To be perfectly honest with you, I’ve always been a Wicked non-believer. When it comes to musicals, I’m pretty much old-school. I was weaned on the Andrew Lloyd Webber era classics. My favorite musicals can pretty much date me: Jesus Christ Superstar, Hair, Evita, Cats, Chicago, Oliver!, etc. Even the recent fan faves like Le Miz, Ms. Saigon, Rent and Phantom were musicals that I never really got into. So when Wicked started making a lot of buzz, Delle was deathly curious. It eventually became her dream to watch it on Broadway, and eventually she did. When she came back home, she was armed with a CD of the original cast recording and she wouldn’t let me be. She’d make me listen to Defying Gravity and Popular and Loathing. Like I said, I like the sung through type of songs, so I don’t like songs that is sung, then spoken, then sung. So I never really got into the songs (to Delle’s dismay, I suspect). So I never caught the Wicked bug like Delle did. And everytime she’d reference the musical on the show, so many other fans would be swooning at the mere mention of the play. Again, to my complete befuddlement.
Fast forward to last weekend. When I was in Singapore last December for the Sony event, I saw that Wicked was showing until February of this year. So I vowed to come back and finally watch it before the run ends. When we found a common free weekend, we opted to buy tickets to the play and the plane, and booked a hotel for the weekend. Having seen Cats and Stomp last year, I was in the mood for a musical, despite it being far from the top of my list. Getting to the theatre in Marina Bay Sands was like an episode of the Amazing Race. The plane was scheduled to land at 5pm, with the show starting at 7:30, which gives us 2 1/2 hours to get there. But the plane was delayed 2 hours, which left us with a measly 30 minutes to get from the plane, through customs, then get a taxi to Marina Bay Sands. Despite the odds, we made it to the show with less than 5 minutes before the show started.
What happened next, was pure theatre magic. Despite not really liking the songs, hearing them in the context of the story, sung live by incredibly talented performers, the music simply came alive. Even the songs on the CD that I’d usually skip over, I suddenly found gripping. The sheer genius of what the story tried to do, of how the hero and the villain roles are arbitrarily assigned by the victors, is mind-bogglingly enchanting. The Wicked Witch of the West, portrayed as a victim of circumstances, a tragic hero of Shakespearean proportion, think Harry Potter in Oz, as brilliantly executed by Jemma Rix, was impossible to NOT root for. I was expecting to be disappointed, I mean, how can you live up to Idina Menzel? But Jemma Rix lived up to every nuance, every note that the character Elphaba required. Defying Gravity had me in a puddle of tears and goosebumps by the time she hit the final notes. Amazing. Suzie Mathers as the Rachel Berry-ish Galinda was equally spot-on. She was the annoying over-achiever that you just loved to hate. Despite her being the “bad guy”, you felt for her. Therein lies the skill with which Suzie brought Galinda to life. Without the callow Galinda, we wouldn’t have the tortured genius of Elphaba. These two were the backbones of the show. I cannot even begin to describe how good they were.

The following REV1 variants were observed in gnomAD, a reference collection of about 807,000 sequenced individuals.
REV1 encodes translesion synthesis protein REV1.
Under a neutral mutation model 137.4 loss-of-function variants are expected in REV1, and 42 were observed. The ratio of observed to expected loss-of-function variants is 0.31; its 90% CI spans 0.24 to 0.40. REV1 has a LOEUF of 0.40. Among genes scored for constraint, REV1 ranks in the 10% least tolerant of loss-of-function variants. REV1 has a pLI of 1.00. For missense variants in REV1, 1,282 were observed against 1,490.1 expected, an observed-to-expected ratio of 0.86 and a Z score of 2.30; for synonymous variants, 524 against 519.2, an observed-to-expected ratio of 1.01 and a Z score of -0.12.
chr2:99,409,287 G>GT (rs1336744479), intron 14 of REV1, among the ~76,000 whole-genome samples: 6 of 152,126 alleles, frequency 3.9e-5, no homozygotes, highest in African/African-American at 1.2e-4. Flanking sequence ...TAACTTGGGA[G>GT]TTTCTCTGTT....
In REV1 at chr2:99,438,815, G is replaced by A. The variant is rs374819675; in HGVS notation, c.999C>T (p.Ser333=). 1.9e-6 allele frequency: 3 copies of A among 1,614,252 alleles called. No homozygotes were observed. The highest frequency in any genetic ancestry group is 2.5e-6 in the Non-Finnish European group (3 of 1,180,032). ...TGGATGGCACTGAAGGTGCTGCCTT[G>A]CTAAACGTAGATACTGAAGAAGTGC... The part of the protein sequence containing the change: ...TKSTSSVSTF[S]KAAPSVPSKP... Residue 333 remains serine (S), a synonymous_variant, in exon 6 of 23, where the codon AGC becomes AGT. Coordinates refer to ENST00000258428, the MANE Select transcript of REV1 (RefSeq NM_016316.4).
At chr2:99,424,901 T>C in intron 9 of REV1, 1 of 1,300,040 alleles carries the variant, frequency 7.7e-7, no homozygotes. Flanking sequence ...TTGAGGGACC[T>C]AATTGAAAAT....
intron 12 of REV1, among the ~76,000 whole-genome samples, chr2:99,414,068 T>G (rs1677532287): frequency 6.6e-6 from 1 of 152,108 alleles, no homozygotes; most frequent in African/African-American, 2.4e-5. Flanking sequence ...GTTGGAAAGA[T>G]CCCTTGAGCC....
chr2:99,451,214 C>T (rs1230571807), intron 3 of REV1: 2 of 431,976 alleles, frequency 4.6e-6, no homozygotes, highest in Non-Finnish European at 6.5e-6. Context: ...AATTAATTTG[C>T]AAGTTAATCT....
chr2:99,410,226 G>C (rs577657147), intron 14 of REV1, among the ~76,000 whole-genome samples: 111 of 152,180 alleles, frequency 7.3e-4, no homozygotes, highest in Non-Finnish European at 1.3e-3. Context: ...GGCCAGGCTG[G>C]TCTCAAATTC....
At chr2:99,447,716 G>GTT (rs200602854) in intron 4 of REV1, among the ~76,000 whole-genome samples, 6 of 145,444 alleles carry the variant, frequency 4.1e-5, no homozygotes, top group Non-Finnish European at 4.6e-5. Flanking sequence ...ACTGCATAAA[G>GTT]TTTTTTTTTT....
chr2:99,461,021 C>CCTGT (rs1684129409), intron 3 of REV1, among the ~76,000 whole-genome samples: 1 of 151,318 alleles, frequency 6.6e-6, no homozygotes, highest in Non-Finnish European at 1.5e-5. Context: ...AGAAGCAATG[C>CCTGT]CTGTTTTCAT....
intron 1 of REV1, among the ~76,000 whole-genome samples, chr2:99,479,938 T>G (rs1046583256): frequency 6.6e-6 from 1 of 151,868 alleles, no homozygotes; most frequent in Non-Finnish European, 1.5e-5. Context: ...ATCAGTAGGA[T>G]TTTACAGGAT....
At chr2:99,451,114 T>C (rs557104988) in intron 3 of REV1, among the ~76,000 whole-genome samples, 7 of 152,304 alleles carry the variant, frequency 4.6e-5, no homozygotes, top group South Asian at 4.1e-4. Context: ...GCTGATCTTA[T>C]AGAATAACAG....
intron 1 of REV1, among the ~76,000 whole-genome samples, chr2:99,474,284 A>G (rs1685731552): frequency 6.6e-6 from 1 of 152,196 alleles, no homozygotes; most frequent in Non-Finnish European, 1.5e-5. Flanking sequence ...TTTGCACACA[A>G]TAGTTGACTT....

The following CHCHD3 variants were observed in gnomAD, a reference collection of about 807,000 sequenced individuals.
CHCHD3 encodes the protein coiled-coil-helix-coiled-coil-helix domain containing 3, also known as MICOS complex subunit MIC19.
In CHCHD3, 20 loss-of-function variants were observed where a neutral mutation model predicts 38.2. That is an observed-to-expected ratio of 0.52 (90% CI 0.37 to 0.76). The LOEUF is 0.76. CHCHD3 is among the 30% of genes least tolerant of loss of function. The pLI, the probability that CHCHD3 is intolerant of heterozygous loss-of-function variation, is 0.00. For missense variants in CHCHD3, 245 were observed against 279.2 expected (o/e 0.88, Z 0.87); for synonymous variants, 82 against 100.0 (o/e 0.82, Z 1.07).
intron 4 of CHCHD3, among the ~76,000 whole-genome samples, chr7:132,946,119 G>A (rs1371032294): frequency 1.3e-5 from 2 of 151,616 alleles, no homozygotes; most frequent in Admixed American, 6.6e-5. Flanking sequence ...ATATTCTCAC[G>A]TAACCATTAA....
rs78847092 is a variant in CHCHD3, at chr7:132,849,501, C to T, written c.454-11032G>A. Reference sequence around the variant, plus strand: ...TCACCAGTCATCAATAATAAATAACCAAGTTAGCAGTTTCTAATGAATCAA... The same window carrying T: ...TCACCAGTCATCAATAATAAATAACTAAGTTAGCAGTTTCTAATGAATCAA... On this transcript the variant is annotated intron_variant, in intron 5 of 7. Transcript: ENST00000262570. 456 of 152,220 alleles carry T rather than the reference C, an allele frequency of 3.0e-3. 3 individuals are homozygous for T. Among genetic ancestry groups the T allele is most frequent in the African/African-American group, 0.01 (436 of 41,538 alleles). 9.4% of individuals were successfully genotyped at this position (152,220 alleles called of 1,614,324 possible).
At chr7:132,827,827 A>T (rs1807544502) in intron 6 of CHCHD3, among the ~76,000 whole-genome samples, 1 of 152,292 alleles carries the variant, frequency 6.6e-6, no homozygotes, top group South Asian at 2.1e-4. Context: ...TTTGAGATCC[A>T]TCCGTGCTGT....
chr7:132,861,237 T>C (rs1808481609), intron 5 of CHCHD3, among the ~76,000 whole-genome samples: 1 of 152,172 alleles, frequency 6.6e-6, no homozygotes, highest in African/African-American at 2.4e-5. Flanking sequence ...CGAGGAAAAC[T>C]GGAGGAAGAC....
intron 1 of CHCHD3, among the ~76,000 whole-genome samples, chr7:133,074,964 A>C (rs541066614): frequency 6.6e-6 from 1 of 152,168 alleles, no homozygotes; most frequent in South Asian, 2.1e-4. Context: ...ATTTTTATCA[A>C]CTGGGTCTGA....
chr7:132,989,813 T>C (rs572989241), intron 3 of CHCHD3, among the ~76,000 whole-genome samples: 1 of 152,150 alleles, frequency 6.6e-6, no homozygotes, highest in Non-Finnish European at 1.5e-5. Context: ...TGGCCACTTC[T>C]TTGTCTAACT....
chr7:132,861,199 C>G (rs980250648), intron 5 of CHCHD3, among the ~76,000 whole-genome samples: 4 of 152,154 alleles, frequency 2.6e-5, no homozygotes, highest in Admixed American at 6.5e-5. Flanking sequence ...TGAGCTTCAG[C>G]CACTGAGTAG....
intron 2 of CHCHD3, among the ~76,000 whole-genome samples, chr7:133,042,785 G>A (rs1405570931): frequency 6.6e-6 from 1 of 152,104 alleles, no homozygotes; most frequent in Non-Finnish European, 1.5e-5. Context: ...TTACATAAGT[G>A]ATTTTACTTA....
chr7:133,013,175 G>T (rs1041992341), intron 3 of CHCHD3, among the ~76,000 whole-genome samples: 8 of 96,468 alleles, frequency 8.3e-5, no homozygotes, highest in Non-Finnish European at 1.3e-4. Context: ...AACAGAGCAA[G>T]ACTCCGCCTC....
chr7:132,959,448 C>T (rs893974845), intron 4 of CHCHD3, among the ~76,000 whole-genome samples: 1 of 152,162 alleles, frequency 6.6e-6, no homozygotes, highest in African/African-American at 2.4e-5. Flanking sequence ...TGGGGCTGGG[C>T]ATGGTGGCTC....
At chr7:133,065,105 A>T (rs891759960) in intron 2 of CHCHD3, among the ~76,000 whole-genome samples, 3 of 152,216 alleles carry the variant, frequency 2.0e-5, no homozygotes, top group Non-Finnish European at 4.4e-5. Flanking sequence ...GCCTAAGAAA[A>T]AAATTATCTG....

By the end of the show, I was a CONVERT, I was a FAN. It’s a theme close to my heart. I love Wicked for the same reason why I love Harry Potter. It’s the story of the undiscovered, the misunderstood, the unloved. It’s the primal theme of being judged for what you are on the outside, as opposed to being appreciated for the unexplored beauty inside. It’s the story of being judged unfairly by history. Everyone knew Elphaba as the wicked witch, while the musical revealed the untold tale that was the complete opposite of history’s verdict. Didn’t we all know those moments where we felt unfairly judged? When we felt looked over? When we felt invisible? When we felt unfairly and undeservedly unloved? The show struck all the right notes and strummed the right emotional strings. It left me gasping for more. One of the cornerstone tunes said it best: “Who can say if I’ve been changed for the better? But because I knew you I have been changed for good.” Watch it if you can, wherever you can. This play just won itself a special place in my heart.